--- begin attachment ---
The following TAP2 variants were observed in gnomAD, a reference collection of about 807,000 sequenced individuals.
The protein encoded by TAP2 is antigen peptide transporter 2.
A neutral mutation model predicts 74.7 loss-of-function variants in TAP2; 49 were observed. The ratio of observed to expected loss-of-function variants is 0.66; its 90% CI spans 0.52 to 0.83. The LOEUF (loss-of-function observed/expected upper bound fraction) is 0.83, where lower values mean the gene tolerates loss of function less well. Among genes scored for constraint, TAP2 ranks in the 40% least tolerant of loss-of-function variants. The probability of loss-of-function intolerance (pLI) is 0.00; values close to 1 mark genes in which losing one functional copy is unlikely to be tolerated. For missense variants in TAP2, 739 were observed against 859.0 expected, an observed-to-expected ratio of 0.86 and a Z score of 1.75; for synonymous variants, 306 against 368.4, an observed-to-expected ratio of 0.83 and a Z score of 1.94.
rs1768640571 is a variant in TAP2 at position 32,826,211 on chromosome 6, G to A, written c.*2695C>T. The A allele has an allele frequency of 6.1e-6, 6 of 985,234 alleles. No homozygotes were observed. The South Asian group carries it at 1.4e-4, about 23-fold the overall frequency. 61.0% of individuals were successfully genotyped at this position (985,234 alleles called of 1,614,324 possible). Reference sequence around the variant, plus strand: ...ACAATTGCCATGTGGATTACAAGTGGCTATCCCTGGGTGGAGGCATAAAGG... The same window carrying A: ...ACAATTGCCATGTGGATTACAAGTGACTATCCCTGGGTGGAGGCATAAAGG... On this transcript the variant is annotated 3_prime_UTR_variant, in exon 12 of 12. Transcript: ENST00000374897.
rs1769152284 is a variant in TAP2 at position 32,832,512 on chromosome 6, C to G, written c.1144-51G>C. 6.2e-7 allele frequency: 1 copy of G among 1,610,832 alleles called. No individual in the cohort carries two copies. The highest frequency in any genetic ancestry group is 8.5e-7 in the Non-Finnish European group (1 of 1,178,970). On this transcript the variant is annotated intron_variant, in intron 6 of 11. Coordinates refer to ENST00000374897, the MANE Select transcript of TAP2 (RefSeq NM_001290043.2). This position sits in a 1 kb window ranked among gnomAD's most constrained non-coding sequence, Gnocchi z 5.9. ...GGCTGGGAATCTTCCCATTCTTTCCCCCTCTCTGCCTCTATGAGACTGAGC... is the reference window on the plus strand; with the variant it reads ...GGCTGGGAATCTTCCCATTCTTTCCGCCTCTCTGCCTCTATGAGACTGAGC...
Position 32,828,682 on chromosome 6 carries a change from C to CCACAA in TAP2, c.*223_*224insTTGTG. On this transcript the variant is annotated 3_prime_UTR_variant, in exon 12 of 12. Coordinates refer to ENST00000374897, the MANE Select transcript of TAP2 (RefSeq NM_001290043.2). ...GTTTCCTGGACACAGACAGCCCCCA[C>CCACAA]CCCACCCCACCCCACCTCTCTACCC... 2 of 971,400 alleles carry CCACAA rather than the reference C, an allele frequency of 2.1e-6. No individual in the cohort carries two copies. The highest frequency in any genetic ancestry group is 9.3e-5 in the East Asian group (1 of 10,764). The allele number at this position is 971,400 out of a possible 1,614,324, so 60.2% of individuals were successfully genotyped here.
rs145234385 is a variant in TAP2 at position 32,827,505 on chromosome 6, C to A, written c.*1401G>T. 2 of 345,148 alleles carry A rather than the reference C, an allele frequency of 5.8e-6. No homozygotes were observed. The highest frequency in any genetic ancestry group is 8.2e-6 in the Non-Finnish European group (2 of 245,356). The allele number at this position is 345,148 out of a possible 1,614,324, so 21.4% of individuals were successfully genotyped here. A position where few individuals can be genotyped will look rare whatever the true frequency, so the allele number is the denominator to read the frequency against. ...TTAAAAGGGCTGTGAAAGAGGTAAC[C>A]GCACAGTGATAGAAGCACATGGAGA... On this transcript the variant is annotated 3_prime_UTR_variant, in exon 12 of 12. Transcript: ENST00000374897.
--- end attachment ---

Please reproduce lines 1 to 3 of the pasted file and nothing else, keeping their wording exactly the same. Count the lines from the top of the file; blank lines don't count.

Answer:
The following TAP2 variants were observed in gnomAD, a reference collection of about 807,000 sequenced individuals.
The protein encoded by TAP2 is antigen peptide transporter 2.
A neutral mutation model predicts 74.7 loss-of-function variants in TAP2; 49 were observed. The ratio of observed to expected loss-of-function variants is 0.66; its 90% CI spans 0.52 to 0.83. The LOEUF (loss-of-function observed/expected upper bound fraction) is 0.83, where lower values mean the gene tolerates loss of function less well. Among genes scored for constraint, TAP2 ranks in the 40% least tolerant of loss-of-function variants. The probability of loss-of-function intolerance (pLI) is 0.00; values close to 1 mark genes in which losing one functional copy is unlikely to be tolerated. For missense variants in TAP2, 739 were observed against 859.0 expected, an observed-to-expected ratio of 0.86 and a Z score of 1.75; for synonymous variants, 306 against 368.4, an observed-to-expected ratio of 0.83 and a Z score of 1.94.